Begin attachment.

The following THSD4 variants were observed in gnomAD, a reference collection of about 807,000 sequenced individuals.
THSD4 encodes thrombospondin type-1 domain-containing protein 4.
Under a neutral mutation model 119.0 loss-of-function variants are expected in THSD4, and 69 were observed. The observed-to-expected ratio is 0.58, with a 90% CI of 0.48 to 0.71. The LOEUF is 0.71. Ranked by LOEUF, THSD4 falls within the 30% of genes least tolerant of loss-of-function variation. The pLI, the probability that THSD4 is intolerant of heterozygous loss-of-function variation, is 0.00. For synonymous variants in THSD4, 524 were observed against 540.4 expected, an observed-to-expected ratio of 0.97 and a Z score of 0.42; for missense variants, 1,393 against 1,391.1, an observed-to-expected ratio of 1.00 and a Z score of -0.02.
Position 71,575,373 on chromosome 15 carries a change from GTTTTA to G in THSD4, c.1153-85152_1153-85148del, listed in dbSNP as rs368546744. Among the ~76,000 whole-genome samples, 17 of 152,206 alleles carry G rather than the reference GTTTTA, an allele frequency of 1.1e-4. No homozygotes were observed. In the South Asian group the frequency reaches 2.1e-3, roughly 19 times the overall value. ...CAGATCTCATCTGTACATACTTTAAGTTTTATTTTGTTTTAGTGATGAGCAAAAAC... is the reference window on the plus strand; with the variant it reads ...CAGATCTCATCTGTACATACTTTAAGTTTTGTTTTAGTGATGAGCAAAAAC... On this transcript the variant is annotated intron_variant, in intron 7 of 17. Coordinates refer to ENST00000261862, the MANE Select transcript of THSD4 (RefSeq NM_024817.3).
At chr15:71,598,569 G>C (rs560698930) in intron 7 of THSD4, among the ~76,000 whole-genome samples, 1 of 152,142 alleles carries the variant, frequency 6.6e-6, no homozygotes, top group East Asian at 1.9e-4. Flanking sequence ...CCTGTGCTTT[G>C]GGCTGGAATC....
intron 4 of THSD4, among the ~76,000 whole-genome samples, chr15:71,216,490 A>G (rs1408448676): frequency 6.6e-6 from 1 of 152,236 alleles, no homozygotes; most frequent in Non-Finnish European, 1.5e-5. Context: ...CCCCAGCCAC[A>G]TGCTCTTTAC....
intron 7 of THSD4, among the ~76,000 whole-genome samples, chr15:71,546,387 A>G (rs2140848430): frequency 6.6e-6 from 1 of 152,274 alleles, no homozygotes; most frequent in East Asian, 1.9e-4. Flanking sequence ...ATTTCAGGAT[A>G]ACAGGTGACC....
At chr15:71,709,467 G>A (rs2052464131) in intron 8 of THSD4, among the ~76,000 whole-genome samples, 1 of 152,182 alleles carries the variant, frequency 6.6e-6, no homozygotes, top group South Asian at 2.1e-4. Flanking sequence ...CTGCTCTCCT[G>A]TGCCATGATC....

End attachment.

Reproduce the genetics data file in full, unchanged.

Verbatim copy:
The following THSD4 variants were observed in gnomAD, a reference collection of about 807,000 sequenced individuals.
THSD4 encodes thrombospondin type-1 domain-containing protein 4.
Under a neutral mutation model 119.0 loss-of-function variants are expected in THSD4, and 69 were observed. The observed-to-expected ratio is 0.58, with a 90% CI of 0.48 to 0.71. The LOEUF is 0.71. Ranked by LOEUF, THSD4 falls within the 30% of genes least tolerant of loss-of-function variation. The pLI, the probability that THSD4 is intolerant of heterozygous loss-of-function variation, is 0.00. For synonymous variants in THSD4, 524 were observed against 540.4 expected, an observed-to-expected ratio of 0.97 and a Z score of 0.42; for missense variants, 1,393 against 1,391.1, an observed-to-expected ratio of 1.00 and a Z score of -0.02.
Position 71,575,373 on chromosome 15 carries a change from GTTTTA to G in THSD4, c.1153-85152_1153-85148del, listed in dbSNP as rs368546744. Among the ~76,000 whole-genome samples, 17 of 152,206 alleles carry G rather than the reference GTTTTA, an allele frequency of 1.1e-4. No homozygotes were observed. In the South Asian group the frequency reaches 2.1e-3, roughly 19 times the overall value. ...CAGATCTCATCTGTACATACTTTAAGTTTTATTTTGTTTTAGTGATGAGCAAAAAC... is the reference window on the plus strand; with the variant it reads ...CAGATCTCATCTGTACATACTTTAAGTTTTGTTTTAGTGATGAGCAAAAAC... On this transcript the variant is annotated intron_variant, in intron 7 of 17. Coordinates refer to ENST00000261862, the MANE Select transcript of THSD4 (RefSeq NM_024817.3).
At chr15:71,598,569 G>C (rs560698930) in intron 7 of THSD4, among the ~76,000 whole-genome samples, 1 of 152,142 alleles carries the variant, frequency 6.6e-6, no homozygotes, top group East Asian at 1.9e-4. Flanking sequence ...CCTGTGCTTT[G>C]GGCTGGAATC....
intron 4 of THSD4, among the ~76,000 whole-genome samples, chr15:71,216,490 A>G (rs1408448676): frequency 6.6e-6 from 1 of 152,236 alleles, no homozygotes; most frequent in Non-Finnish European, 1.5e-5. Context: ...CCCCAGCCAC[A>G]TGCTCTTTAC....
intron 7 of THSD4, among the ~76,000 whole-genome samples, chr15:71,546,387 A>G (rs2140848430): frequency 6.6e-6 from 1 of 152,274 alleles, no homozygotes; most frequent in East Asian, 1.9e-4. Flanking sequence ...ATTTCAGGAT[A>G]ACAGGTGACC....
At chr15:71,709,467 G>A (rs2052464131) in intron 8 of THSD4, among the ~76,000 whole-genome samples, 1 of 152,182 alleles carries the variant, frequency 6.6e-6, no homozygotes, top group South Asian at 2.1e-4. Flanking sequence ...CTGCTCTCCT[G>A]TGCCATGATC....